I think this record has a bit more hope, I don’t know if that says something about me getting older! Especially as the record develops, it has a bit more love and care in it, it’s not so much about me which was a central part of the first record. This one is a bit more universal.
I like that it’s a streamlined 11-tracks, it flows from track to track. Was the sequencing something you agonised over?
My records are always streamlined. I lose interest listening to very long records. To me, it’s best an album is concise, to the point, short and strong rather than long because you can lose people’s attention otherwise. The track listing was something I did work on a lot, listening back and rearranging – it had to flow properly.
You’ve infused ‘A Tenuous Tale of Her’ with melody and rhythm, there’s a propulsive energy to it, even glimmers of the dancefloor on some tracks. It’s the perfect combination of pop and IDM…
It’s interesting, people keep describing it as a ‘poppier’ record. Of course, ‘Good 2 U’ has elements of pop and it’s one I know a lot of people are drawn to. But I was happy making that one, and writing about that experience.
Speaking on this rhythmic element to the album, you integrate diasporic, Afro-Caribbean percussion. Can you speak on why it was so important for you to weave in the sounds of your heritage?
It’s been a conscious effort over the last seven years to wear my culture on my chest, especially from conversations I’ve had with my Dad. I find that the more I explore my identity and my history in my work, the prouder I feel about who I am. I moved to move to the UK at 12, somewhere that wasn’t home, somewhere that felt quite alien. Moreso now, making it an integral part of music, it just means more.
You’ve been quite honest about using your vocals as not just an instrument but a vessel. Was that an obstacle for you to overcome?
Definitely! Often the vocals didn’t sound as good as they did in my head but also, it’s part of the process accepting the moment you’re not quite there yet and that you just have continue to work at it. I have to give props to (Gorillaz producer) Remy Kabaka for seeing something in me, that I didn’t see myself. He kept pushing me to sing. I remember at the ‘Spiral, My Love’ launch he came up to me at the end and the only feedback he gave to me was “sing more.” It’s stuck with me and it gave me the confidence and boost to push myself vocally.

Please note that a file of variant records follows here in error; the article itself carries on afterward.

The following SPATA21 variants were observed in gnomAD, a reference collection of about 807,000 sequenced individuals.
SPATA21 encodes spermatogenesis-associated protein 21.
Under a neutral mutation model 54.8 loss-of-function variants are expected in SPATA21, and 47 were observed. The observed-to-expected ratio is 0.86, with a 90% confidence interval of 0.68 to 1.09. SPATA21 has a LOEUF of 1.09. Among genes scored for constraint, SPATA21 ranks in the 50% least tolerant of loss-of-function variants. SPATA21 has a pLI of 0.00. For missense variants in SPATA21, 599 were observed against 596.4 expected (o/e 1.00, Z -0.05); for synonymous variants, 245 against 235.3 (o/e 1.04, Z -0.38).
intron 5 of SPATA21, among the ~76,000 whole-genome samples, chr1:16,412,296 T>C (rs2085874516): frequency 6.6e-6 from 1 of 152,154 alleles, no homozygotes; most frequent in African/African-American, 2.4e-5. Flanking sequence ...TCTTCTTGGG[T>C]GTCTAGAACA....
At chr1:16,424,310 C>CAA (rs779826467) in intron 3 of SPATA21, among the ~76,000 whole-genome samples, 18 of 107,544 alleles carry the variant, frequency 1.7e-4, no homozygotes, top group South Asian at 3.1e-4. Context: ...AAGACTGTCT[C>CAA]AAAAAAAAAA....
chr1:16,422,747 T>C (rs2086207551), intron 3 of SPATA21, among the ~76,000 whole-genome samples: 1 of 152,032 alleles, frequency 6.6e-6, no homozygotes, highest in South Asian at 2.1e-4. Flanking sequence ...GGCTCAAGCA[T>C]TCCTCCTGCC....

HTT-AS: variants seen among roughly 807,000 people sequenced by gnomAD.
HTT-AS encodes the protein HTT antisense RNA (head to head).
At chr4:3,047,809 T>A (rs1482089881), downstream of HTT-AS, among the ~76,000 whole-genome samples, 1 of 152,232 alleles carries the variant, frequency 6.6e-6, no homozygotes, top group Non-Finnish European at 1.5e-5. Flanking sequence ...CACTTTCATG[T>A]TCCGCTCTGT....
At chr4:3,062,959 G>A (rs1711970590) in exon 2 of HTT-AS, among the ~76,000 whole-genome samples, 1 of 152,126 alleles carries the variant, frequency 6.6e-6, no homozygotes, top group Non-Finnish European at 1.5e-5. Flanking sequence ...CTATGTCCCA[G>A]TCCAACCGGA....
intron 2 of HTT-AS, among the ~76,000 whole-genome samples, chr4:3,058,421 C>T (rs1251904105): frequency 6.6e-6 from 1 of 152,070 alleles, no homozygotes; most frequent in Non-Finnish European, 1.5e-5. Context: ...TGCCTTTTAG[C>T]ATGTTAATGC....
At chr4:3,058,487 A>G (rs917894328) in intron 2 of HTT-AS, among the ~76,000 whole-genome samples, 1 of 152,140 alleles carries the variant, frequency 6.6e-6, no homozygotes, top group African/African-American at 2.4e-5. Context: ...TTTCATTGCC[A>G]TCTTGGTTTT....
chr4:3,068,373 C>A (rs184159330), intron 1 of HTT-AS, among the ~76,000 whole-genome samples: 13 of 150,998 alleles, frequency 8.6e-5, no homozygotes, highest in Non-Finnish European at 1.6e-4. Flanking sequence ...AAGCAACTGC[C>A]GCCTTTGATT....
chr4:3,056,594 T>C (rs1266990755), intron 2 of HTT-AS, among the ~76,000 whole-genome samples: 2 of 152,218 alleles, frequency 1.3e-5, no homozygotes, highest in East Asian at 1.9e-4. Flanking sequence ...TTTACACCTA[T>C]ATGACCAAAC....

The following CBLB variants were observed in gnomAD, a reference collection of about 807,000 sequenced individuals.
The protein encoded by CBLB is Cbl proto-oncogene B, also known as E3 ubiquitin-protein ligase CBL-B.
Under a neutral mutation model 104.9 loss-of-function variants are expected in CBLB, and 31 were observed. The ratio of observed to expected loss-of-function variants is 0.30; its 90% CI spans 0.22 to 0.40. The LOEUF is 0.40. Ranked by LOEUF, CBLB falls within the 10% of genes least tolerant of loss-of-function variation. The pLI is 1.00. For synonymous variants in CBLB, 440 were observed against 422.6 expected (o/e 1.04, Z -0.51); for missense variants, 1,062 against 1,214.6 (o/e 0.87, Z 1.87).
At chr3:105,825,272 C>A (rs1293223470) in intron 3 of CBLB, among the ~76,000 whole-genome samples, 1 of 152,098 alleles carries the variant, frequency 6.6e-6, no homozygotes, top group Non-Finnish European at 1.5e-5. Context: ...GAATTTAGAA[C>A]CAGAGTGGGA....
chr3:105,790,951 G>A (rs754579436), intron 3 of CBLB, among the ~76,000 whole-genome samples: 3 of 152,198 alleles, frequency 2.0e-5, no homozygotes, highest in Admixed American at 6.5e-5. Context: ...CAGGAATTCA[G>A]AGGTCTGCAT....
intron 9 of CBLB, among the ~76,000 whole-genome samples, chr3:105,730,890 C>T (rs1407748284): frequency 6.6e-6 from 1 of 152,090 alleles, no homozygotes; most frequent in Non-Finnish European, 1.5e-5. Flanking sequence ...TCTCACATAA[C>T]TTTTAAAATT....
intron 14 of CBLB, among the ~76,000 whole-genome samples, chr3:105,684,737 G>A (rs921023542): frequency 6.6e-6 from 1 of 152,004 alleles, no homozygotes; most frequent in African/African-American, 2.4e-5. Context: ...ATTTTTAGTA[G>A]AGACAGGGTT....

There are many vocal highlights on this record; ‘Stare’ stands out as a stark moment of the world caving in.
‘Stare’ is about feeling overwhelmed by anxiety and paranoia and it’s bringing the listener into this state of there being no escape from this spot you’re in. I had to capture that vocally. That’s why there’s no space to breathe in the track. I’ve felt at times in my life and I know other people have to, that things will get better but for a time you really feel they won’t. I wanted to bring that overwhelming feel of impending doom to the song.
Another favourite of mine is ‘Open Up’, which has an element of hope to it…
One of my favourite tracks from the record is ‘Open Up’, a real soul-baring moment on the record. I’d say ‘Open Up’ is the most personal song of the record. It’s one of those songs that I wrote and didn’t listen back to for a while, but when I did it took me back to that moment where I realized I need to open and speak to someone. I just didn’t know how to. From my experience of being a black male from the Caribbean, you just don’t speak about your feelings. You don’t address these things. I didn’t have the know-how of “wait, I can go to therapy”. Having gone to therapy, I knew I needed to put this out and share the experience of how dramatically it has helped and changed my record.
We’ve seen how Black artists within the electronic music world have been side-lined and overlooked, especially infuriating when the progenitors of past birthed these genres. Is that something you’re mindful of as newer artist? Does it weigh on you?
It’s something I notice, yes. A lot of my friends and artist friends feel black electronic artists should be bigger, more successful, occupy more spaces, perform on stages that are bigger, headline festivals. It is disappointing and there is work to be done, but we exist and we are doing good things. We’re getting there. We’ve always been here.
What are you listening to this year? What’s on your playlist?
I tend to not listen forward but backwards. I’ve been loving Small Axe; the official playlist and soundtrack is incredible. You’ve got Jim Reeves, a country artist who my Mum loves; Mighty Sparrow from Trinidad, music my Father grew up listening to here and in St Lucia, my Mother to. It was nice to finally have the titles of these songs because in St Lucia it was a song being played on radio. There’s no Shazam, you know? It’s been nice to come across them again and rediscover these artists.
What’s next for Poté? You’ll realise this record on tour but are you thinking about the next project?